I love the big rigs. The more chrome and clearance lights the better. At night, rolling down the highway or tooling around a truck stop, they are more brilliant than a Christmas tree. I love to listen to the raw power of a 500 or 600 horsepower motor. I even like the noisy engine brakes because they are one of the greatest safety inventions ever on big rigs.
Big rigs provide instant metrics on the health of the economy. The higher the number of big rigs on the road, the healthier the economy is because they deliver goods, including food, the “last mile” from the port, warehouse or railroad siding to the store. Without them store shelves would be empty. So when I inhale a lungful of diesel exhaust fumes from a big rig, I smile because I know the economy is humming along.
Despite their importance, I often hear people denigrating big rigs and their drivers. Trucks are deemed to be a dangerous nuisance on the highways and their drivers are stigmatized as uneducated bumpkins too stupid to get a “real” job. But most drivers are hard-working men (and a few women) who are supporting their families. I know because I’m the daughter, sister, niece, and cousin of truck drivers.
Becoming a big rig driver requires studying federal safety regulations, passing the commercial driver’s license (CDL) exam, and undergoing two years over-the-road supervised training. After that they endure a solitary life riding the nation’s highways and missing birthdays, anniversaries, holidays and their children’s school activities. Not surprisingly, is there is a growing driver shortage as fewer people enter this profession.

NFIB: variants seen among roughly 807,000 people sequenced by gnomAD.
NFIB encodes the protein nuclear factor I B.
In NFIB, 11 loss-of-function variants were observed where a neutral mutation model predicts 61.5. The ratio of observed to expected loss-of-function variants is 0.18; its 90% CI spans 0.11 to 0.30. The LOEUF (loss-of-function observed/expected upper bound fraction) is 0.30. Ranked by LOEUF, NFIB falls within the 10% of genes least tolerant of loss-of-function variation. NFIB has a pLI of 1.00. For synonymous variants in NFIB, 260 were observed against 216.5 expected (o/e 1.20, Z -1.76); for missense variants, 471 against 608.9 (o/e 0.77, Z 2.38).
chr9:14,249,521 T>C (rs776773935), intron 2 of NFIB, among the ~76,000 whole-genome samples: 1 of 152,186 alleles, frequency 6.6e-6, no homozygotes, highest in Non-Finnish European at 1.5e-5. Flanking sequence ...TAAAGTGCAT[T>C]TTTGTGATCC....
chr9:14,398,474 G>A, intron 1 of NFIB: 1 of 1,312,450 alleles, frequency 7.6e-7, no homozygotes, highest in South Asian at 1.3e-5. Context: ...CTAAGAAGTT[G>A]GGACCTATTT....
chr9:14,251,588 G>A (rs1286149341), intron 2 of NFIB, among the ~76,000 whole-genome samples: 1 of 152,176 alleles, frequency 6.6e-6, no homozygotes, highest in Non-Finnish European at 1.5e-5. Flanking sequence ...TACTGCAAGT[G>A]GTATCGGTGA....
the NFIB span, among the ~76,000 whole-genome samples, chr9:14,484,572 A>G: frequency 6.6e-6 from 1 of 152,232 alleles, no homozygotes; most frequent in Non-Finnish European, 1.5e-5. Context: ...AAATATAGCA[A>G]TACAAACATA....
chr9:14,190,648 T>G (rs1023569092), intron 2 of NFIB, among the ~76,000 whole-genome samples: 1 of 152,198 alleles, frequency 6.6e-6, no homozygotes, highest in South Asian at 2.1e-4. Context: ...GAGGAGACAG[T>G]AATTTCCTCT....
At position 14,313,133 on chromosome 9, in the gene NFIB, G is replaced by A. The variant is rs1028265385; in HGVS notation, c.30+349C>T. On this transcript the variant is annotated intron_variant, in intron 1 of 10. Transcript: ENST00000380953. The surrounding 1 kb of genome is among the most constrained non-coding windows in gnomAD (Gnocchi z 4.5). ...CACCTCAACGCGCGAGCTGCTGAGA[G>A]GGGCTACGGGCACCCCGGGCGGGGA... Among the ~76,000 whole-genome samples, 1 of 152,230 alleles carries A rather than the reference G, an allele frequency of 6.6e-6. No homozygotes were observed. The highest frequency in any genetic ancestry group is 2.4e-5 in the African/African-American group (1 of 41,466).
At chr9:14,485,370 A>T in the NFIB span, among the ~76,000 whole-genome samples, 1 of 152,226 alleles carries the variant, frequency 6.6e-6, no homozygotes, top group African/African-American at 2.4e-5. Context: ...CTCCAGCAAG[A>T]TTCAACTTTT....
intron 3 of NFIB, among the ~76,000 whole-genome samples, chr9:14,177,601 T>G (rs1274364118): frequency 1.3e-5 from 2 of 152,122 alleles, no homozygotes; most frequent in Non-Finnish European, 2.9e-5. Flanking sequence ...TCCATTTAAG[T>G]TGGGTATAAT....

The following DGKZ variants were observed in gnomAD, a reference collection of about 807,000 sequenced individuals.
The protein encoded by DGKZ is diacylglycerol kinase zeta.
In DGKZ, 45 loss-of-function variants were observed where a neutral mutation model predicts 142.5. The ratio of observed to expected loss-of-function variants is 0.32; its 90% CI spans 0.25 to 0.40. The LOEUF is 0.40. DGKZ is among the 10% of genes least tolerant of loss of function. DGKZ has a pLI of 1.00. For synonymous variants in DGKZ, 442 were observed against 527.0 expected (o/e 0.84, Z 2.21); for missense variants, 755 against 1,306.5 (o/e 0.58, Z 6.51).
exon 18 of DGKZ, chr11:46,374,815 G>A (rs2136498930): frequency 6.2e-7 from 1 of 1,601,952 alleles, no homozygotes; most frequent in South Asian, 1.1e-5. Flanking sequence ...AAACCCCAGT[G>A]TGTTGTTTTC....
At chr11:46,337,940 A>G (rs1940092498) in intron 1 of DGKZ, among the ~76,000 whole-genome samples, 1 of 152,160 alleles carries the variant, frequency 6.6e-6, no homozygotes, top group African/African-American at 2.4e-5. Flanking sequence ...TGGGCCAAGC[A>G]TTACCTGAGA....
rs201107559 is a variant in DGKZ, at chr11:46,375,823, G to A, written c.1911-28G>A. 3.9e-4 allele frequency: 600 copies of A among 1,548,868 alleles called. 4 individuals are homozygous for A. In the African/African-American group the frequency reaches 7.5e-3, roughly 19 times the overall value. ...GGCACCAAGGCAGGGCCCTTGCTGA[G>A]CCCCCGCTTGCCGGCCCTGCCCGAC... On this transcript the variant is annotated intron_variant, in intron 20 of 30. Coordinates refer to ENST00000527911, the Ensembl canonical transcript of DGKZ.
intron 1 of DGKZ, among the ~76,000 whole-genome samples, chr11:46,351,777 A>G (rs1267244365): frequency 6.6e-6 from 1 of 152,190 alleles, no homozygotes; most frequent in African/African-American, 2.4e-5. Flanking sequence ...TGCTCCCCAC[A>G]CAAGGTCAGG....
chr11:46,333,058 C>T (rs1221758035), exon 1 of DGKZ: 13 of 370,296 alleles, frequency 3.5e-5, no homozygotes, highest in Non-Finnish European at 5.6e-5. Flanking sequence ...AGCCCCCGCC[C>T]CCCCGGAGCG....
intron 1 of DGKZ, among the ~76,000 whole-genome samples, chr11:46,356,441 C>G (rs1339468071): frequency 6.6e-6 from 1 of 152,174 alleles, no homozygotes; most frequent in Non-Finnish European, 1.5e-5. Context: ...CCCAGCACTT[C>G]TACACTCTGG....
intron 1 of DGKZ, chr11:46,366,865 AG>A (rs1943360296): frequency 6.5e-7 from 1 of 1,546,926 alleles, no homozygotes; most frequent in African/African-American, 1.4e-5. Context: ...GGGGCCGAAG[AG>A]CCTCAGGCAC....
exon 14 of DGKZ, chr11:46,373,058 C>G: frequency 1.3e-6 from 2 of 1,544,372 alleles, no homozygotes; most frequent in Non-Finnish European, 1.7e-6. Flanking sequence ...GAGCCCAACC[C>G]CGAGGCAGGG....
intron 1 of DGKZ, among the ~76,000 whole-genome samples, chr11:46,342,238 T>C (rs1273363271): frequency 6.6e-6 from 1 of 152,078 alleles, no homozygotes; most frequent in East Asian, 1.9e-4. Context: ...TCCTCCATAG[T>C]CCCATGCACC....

As to the charge that big rigs are dangerous, according to the American Trucking Associations, only 30% of highway accidents involving big rigs are caused by the truck drivers. That means 70% of the accidents are caused by the rest of us. So here are a few basic safety tips.
- If you can’t see the truck’s mirrors, the driver can’t see you. Slow down, go around, or move in your lane until you can see your vehicle in the truck’s mirror.
- Signal your intentions early and avoid sudden movements. Basic physics informs us that 80,000 pounds needs more distance to slow to a stop than a 3000 pound car or SUV. (Avoid flitting into the car-length’s space in front of the tractor.) The driver needs time to see you and prepare for what you plan to do.
- Never sit in the truck’s blind spots which include: immediately in front of the tractor (you can’t be seen over the hood); beside the fifth wheel where a trailer attaches to the tractor; beside the trailer’s rear axle; and immediately behind the trailer.
So the next time you pass a big rig on the road, join with me in paying homage to the big rigs. They keep the economy moving and their drivers are some of the hardest working people you’ll probably never meet.
About Norma Shirk
Norma started her company, Corporate Compliance Risk Advisor, to help employers create human resources policies for their employees and employee benefit programs that are appropriate to the employer’s size and budget. The goal is to have structure without bureaucracy.
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One response to “Homage to the Big Rigs (and their Drivers)”
Thanks for your article and safety tips regarding big rigs.
One of those drivers saved my life many years ago, after I moved back to the USA, and I’ve always had s special feeling for them ever since.